We’ve all been there.  The trailer looks brilliant and, drawn in by it, we rush to see the movie.  And things don’t seem quite so great.

SPECTRE was like that.  Though as well as the brilliant trailers it had lots of other promotional stuff going on to big it up.  The concept made sense. Reintroduce a classic enemy so you can bring back elements of the Connery Bonds, while keeping it up to date with the times.  To this day, I can only assume the marketing budget is what made it the box office smash it was.  Because it was the worst Bond movie to date.

I could come up with a whole post about why it was so bad, but after months of therapy I’ve come to terms with it and want to put it behind me.

And to help me move on I try to go to the cinema every week.

There are some great movies out there, and there are some crap ones, and there are some that are okay.  The problem is, until you’ve actually seen them, you can’t make that judgement.  And any judgement based on the trailers is usually misguided.

So it was with The Nice Guys.  I should just add here that it’s not a crap film.  I enjoyed it, just not as much as I expected to.  Strangely enough, a girl on the back row seemed to be enjoying it a lot more – at least, I hope that’s what all the noise was about (she was laughing a lot.  Laughing. That’s all).

A large part of the problem was expectation, and I’ve got to say that some of the expectation was created in my mind rather than by the trailer.

What was clear from the outset was that this was going to be a “buddy” movie.  You know the kind of thing I mean.  Two guys meet. They don’t like each other, but they’re forced to work together and gradually become friends prepared to die for each other.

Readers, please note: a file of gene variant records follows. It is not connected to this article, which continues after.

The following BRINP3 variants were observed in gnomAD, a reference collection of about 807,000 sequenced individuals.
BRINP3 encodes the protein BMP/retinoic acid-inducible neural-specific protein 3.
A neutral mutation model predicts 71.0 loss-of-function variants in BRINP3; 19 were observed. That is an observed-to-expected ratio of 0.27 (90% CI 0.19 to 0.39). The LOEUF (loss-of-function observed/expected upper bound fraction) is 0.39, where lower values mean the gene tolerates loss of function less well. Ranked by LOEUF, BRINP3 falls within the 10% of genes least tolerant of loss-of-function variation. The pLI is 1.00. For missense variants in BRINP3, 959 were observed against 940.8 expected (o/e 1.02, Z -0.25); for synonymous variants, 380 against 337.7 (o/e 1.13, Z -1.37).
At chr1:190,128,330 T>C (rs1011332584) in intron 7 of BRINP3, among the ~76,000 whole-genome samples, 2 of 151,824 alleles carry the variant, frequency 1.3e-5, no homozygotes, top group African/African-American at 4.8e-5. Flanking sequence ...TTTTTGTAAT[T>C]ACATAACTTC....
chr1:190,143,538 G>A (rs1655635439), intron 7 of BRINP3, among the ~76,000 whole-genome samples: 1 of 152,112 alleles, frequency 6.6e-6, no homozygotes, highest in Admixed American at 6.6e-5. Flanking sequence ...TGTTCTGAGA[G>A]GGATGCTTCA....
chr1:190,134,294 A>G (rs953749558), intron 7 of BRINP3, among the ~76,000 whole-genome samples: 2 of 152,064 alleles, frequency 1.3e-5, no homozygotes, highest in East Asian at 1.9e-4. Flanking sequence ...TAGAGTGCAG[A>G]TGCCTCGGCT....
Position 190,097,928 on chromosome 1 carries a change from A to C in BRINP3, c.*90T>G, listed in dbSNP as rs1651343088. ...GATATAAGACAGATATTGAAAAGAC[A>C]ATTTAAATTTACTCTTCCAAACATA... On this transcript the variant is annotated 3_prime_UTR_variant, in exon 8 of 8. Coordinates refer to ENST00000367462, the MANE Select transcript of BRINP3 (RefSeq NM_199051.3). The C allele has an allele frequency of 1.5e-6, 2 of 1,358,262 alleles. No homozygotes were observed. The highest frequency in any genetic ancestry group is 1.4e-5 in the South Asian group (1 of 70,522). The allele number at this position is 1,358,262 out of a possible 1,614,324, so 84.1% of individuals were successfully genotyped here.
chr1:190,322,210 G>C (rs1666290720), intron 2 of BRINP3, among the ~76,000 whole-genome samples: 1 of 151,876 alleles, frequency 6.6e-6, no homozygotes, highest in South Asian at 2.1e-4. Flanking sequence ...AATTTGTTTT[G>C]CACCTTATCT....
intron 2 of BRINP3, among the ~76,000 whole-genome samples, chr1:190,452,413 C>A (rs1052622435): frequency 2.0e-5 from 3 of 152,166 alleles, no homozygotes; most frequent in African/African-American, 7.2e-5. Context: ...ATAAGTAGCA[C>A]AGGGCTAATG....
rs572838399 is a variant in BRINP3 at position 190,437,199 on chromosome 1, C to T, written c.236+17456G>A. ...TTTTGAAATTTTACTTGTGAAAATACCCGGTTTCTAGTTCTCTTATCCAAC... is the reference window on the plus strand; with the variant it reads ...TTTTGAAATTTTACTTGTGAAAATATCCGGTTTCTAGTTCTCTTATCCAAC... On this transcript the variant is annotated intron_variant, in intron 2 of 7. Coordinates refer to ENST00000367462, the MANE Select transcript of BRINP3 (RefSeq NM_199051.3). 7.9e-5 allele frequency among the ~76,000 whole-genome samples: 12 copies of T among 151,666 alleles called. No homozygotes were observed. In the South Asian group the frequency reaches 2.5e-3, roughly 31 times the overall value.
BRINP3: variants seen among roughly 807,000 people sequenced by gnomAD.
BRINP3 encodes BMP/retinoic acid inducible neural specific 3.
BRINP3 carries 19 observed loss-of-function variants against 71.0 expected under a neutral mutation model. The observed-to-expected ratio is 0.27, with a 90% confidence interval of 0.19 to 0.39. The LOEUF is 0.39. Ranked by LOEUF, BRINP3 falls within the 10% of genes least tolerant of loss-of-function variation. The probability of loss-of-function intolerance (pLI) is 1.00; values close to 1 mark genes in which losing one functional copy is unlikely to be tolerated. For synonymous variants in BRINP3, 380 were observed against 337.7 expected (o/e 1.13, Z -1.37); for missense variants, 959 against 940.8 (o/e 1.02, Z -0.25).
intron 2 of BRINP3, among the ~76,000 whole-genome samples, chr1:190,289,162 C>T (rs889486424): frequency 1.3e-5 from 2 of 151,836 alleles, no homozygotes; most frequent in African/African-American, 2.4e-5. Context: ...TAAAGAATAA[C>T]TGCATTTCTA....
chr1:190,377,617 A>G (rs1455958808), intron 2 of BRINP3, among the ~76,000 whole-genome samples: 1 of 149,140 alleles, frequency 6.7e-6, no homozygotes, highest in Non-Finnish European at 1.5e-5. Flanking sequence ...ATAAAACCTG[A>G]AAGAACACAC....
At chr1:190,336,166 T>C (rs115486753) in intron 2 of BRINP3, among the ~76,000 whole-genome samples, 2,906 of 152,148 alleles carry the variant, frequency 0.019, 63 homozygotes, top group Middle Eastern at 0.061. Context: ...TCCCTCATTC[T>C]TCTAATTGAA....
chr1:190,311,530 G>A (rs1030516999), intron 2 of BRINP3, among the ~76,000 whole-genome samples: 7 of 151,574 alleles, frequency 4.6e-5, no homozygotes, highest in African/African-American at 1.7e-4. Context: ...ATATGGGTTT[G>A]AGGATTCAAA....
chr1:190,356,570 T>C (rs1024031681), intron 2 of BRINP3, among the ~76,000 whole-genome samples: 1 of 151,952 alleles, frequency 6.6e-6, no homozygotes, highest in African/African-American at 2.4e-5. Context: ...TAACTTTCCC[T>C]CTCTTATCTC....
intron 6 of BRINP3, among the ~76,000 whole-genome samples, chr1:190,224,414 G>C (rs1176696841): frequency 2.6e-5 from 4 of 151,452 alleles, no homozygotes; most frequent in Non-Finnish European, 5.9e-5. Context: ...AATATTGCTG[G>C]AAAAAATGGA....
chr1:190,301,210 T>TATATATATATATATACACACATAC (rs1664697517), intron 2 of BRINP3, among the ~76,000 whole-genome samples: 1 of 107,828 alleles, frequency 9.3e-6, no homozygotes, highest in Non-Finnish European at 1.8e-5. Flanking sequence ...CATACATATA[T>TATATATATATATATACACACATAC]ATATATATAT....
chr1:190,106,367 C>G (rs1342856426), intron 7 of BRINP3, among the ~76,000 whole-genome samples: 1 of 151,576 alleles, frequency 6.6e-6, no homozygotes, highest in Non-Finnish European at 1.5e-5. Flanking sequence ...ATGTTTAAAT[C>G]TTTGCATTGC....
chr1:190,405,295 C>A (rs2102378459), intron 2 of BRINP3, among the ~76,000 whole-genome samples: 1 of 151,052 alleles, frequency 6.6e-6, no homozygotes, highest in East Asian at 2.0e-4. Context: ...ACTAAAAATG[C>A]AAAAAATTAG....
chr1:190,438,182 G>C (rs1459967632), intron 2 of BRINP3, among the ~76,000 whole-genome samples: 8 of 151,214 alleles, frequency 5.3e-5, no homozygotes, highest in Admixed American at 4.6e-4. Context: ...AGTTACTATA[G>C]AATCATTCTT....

Examples of this include 48 Hours, Lethal Weapon and Tango and Cash (I didn’t say they were art house classics, did I?).  For me the best incarnation of this genre wasn’t actually a movie, but a TV series: The Persuaders.

In large part, it ticks the boxes because of the pairing of Tony Curtis and Roger Moore.  The contrast between the actors and the characters – an American who survived the mean streets of the Bronx to become a successful (if rough and ready) businessman, and an English lord who is part of the Establishment – meant that there would be sparks.

Made in 1971, it has inevitably dated, though not as much as you might think, and is worth watching just for the banter between Danny Wilde (Curtis) and Brett Sinclair (Moore).  It’s an education in writing dialogue.

Being set in the ‘70s was another factor that made me think The Nice Guys would be entertaining.  That was the decade I became a teenager, so it was a period I could really relate to.  What a combination, I thought.  The ‘70s and a buddy movie.  The soundtrack was bound to be good (it was), the fashion would be questionable (strangely, they didn’t overplay the fashion, so it seemed almost reasonable), and, based on the trailer, it might well include some features ‘70s movies were well known for.

An example of this is the clip with a car flying off a cliff and crashing through a house.  With my ‘70s references, I’m immediately thinking we’re going into Smokey and the Bandit territory.  As it turned out, in the film the scene has a completely different context.

So what am I really saying about The Nice Guys?  It’s very funny in places, but it misses a few tricks in terms of characterisation.  The buddy element is there, but the potential humour from having polar opposite characters isn’t played up enough.  There are plot holes, but not big enough to dwell on.  There’s a reliance on coincidence, but then they aren’t claiming art house status either.

Ultimately, the disappointment comes down to expectation.  Unlike SPECTRE, though, not all of that expectation was down to the way it was promoted.  In this case, I created my own expectations based on my own preferences.  Russell Crowe and Ryan Gosling did a good enough job, but they weren’t Curtis and Moore.  They weren’t even Gibson and Glover.  It was unrealistic of me to expect them to be.

I’ve got to remember that I live in the 21st Century now.